What is the meaning of the name Jesus? What does the name Jesus mean?
QuestionAnswer If there was ever a name that was densely filled with meaning, it would be the nameJesus. “The name above every name” (Philippians 2:9–10) has been given to Jesus, according to the Scriptures, “so that at the name of Jesus every knee would bow—in heaven, on earth, and beneath the earth” (CSB). What is it about our Lord’s name that is so powerful? What is the significance of the name Jesus? The nameJesus, given to Joseph and Mary by the angels (Matthew 1:21; Luke 1:31), is derived from the Hebrew words for “Yahweh rescues” and “Yahweh is salvation.” The name Yeshua is a transliteration of the Hebrew and Aramaic names.
However, when the text is translated from Hebrew into Koine Greek,
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What Does the Name ‘Jesus’ Mean?
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Where the Name Jesus Came From: Hebrew and Greek Origins
Eastern Bible Dictionary states that the name Jesus is a Greek variant of the Hebrew name Joshua, which was originally Hoshea (which means “salvation” in Hebrew) (Numbers 13:8,Numbers 13:16). This form was modified by Moses to Jehoshua (Numbers 13:16; 1 Chronicles 7:27), which is also known as Joshua. Then, following Israel’s exile in Babylon, it adopted the form Jeshua, which is derived from which we obtain the Greek name Jesus. It was given to our Lord to serve as a reminder of the purpose of his mission, which was to rescue mankind (Matthew 1:21).
The Importance of Jesus’ Title as Christ
Before and after the biblical Jesus, there have been a slew of persons with the name Jesus. However, only this Jesus is referred to as Jesus Christ or Christ Jesus, not the other Jesuses. The term Christ serves to further emphasize his exclusive identity and purpose. According to Easton’s Bible Dictionary, the term “Christ” refers to the anointed one. The Greek term “anointed” refers to the Hebrew word “Messiah,” which is the title given to Jesus by the Romans. This term appears 514 times in the New Testament, all of which are associated with Jesus.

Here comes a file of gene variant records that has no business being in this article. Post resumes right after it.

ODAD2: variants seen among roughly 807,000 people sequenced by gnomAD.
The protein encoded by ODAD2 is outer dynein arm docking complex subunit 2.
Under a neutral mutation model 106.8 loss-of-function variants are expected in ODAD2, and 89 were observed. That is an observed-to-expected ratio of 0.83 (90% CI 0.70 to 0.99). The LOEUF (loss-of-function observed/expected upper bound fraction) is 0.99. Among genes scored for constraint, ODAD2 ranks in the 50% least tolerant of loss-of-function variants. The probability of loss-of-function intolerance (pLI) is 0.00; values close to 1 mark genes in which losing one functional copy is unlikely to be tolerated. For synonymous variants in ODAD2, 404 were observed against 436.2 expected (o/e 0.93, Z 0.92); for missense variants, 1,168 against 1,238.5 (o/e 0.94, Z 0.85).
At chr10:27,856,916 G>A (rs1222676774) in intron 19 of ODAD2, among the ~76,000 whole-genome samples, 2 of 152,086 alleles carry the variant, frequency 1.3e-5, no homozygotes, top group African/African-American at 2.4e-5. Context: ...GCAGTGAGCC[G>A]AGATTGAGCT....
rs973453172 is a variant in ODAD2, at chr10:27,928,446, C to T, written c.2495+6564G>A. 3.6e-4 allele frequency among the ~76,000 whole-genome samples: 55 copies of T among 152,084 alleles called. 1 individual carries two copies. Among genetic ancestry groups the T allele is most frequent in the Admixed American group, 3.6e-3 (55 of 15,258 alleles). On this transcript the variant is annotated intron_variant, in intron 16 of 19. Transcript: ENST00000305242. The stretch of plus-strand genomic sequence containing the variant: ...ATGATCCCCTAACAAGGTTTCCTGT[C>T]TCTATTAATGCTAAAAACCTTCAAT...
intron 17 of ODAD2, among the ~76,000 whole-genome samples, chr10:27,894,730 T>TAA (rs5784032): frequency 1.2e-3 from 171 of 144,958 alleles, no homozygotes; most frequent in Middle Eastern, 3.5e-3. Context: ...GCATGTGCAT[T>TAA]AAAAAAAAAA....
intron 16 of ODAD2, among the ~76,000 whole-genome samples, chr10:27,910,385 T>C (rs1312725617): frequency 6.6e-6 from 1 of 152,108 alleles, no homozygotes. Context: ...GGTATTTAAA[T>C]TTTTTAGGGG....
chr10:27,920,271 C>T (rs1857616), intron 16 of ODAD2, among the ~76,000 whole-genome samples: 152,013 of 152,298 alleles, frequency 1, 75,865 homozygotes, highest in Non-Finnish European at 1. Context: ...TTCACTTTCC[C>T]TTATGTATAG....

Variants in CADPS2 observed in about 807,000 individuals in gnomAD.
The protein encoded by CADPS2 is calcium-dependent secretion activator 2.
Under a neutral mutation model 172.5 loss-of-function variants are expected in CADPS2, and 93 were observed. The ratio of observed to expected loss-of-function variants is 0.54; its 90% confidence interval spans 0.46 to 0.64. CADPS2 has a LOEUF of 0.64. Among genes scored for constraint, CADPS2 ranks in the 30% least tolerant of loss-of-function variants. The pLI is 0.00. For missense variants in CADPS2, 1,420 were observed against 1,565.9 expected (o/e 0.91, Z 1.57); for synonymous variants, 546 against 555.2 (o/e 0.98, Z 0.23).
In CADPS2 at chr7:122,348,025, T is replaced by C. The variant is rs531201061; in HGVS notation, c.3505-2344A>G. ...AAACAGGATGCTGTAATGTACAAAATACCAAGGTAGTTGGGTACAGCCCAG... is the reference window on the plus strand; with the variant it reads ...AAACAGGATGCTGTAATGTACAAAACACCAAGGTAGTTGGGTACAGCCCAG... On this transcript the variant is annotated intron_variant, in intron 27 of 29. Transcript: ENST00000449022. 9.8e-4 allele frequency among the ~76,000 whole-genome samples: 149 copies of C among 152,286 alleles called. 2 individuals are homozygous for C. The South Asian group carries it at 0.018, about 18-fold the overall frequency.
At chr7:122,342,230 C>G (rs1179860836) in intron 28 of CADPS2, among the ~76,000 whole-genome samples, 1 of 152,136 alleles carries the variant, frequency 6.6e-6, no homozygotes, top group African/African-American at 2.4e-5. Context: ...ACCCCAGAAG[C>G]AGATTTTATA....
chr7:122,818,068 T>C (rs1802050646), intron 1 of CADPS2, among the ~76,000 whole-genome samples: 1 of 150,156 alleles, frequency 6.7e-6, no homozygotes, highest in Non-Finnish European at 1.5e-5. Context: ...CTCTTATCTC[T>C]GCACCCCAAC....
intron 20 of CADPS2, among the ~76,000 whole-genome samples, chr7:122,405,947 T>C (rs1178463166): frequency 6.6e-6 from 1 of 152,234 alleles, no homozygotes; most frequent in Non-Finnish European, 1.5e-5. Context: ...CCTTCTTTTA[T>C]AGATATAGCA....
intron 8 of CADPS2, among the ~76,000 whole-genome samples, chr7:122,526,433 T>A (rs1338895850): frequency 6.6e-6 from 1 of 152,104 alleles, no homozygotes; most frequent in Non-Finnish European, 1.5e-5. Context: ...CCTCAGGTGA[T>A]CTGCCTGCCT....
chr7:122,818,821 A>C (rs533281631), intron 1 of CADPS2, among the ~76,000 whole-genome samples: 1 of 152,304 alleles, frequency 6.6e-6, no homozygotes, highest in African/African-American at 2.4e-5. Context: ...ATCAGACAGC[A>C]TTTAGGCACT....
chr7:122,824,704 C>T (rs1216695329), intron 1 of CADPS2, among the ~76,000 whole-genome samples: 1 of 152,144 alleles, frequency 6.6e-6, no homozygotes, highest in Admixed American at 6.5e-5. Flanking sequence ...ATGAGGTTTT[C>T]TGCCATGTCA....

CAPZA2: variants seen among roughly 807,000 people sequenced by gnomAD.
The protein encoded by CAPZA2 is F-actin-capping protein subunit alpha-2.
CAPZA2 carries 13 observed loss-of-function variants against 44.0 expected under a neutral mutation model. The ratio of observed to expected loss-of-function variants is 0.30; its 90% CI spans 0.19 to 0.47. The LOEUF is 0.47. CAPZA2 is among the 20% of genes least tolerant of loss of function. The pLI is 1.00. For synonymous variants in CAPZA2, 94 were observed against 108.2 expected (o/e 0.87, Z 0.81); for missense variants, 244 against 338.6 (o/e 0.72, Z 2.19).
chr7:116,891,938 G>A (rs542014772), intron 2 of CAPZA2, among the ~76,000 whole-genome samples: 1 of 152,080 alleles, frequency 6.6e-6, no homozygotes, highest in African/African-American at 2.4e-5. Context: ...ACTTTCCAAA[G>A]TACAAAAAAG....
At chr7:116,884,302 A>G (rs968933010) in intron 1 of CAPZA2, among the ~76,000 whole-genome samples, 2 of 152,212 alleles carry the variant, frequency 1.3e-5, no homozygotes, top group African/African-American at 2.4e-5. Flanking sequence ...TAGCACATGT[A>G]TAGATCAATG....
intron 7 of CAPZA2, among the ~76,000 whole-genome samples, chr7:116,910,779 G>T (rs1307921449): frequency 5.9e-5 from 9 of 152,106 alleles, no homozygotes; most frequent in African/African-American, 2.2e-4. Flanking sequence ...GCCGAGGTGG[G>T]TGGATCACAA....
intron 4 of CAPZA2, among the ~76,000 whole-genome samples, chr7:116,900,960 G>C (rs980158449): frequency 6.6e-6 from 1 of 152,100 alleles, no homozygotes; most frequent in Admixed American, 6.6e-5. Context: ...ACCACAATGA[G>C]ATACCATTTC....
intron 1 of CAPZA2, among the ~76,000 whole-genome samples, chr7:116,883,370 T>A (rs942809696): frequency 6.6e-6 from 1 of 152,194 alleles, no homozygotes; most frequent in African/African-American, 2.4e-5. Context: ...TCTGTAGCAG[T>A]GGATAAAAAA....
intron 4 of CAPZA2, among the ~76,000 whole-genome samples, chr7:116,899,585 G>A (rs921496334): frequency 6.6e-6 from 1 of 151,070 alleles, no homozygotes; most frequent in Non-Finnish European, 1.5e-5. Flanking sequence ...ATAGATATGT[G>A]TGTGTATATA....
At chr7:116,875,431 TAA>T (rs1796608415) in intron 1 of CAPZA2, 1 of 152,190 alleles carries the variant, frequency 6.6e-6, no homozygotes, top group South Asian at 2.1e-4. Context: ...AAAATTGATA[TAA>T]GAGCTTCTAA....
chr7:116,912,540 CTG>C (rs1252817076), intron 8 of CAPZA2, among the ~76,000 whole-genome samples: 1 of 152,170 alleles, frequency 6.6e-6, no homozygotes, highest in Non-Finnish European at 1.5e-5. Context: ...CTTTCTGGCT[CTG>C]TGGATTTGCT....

Jesus’ given name includes the terms Christ, Anointed/Messiah, which is significant because of the Old Testament prophecies regarding the coming Messiah.
Psalm 22,Deuteronomy 18:15-18,Genesis 3:15), with particular references to him being anointed in Isaiah 61,Psalm 2:2,Daniel 9:24-26, as well as other passages in the Old Testament.
The Meaning of Jesus’ Name as Savior
As previously established, the name Jesus refers to a rescuer. This is the unique role He has. He frees his people from the penalty of sin by washing them clean in His own atoning blood on the cross. He delivers people from the tyranny of sin by instilling the sanctifying Spirit in the hearts of believers. When He removes them out of this world and places them in His presence, He saves them from the presence of sin. The Lord will save people from all of the consequences of their sins when He returns to earth in a gorgeous form at the end of time.
It is His responsibility and pleasure to extend mercy.
Why Do Christians Pray “In Jesus’ Name”?